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Research on the Physical Impact of Concentration Camp Detention on Prisoners

The US-American researcher Alicia Wolf has researched at the archives of the International Tracing Service (ITS) in Bad Arolsen for her master’s degree at West Chester University of Pennsylvania. The subject of her thesis is the physical impact that the incarceration in concentration camps had on survivors. “The psychological and not so much the physical repercussions are often focussed on”, explains Wolf. “But these have also been diverse and quite often long-lasting.”

Staying at the ITS for more than a week, the researcher looked mainly into witness statements by survivors and records on Displaced Persons. She also studied the investigative reports of the allied soldiers who had freed the concentration camps. “The Allies have described in detail what they have come upon”, relates the junior researcher. “They realised the needs of the survivors and organised adequate medical support.” Nevertheless physical complications remained. “Some prisoners were hanged and beaten, which caused muscular problems later. Others were left with paralysed legs and arms, or lost toes due to frost. Typhus spread in the camps. And many inmates had open wounds, or suffered from a weakness of their heart muscles.”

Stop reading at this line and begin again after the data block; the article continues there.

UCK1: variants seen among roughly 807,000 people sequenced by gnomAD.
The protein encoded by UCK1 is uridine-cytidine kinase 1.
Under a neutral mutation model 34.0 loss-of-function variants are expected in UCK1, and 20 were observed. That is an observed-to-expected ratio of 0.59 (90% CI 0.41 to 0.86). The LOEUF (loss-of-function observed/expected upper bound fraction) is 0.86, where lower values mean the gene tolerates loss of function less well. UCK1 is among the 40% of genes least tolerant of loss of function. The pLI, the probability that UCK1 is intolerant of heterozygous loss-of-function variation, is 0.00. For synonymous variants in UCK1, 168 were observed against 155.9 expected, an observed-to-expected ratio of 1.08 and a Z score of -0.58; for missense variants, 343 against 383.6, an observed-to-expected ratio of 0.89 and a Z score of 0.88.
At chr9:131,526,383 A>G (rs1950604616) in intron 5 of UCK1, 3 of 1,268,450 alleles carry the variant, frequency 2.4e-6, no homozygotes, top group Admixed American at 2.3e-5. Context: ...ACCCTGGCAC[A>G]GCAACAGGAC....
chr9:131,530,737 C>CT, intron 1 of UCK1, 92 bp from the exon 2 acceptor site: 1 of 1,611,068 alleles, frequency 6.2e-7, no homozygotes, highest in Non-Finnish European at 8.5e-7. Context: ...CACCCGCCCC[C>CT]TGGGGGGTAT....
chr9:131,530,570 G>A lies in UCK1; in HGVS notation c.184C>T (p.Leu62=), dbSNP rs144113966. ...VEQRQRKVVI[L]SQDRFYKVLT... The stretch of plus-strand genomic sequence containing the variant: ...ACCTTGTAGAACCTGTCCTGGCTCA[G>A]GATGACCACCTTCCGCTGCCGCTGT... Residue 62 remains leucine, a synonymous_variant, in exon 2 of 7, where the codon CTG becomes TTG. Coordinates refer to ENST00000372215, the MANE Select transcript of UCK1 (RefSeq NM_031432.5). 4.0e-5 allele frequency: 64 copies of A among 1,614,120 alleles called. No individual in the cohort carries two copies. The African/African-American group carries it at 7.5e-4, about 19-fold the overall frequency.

In some camps inmates had been subjected to medical experiments which involved live-long pains for the few who survived these experiments. The lack and poor quality of food had an impact on human organs as well. “In any case, I will have to discuss my findings with medical experts”, says Wolf. She also plans to compare her findings with today’s experiences from imprisonment and torture. More testimonials from survivors in other archives will help round off the picture.

Starting late in July, her research has already taken Wolf to many stations in Europe, among them Berlin, Warsaw, Auschwitz, Krakow, Prague, Neuengamme, Dora-Mittelbau and Munich. “It was in particular my visit to the memorial sites that helped me in getting the background for my research. I also hope to be able to interview some survivors.” (Who would like to contribute to Wolf’s thesis may contact her by mail at aw760783@wcupa.edu). The American intends to finish her thesis by autumn 2013.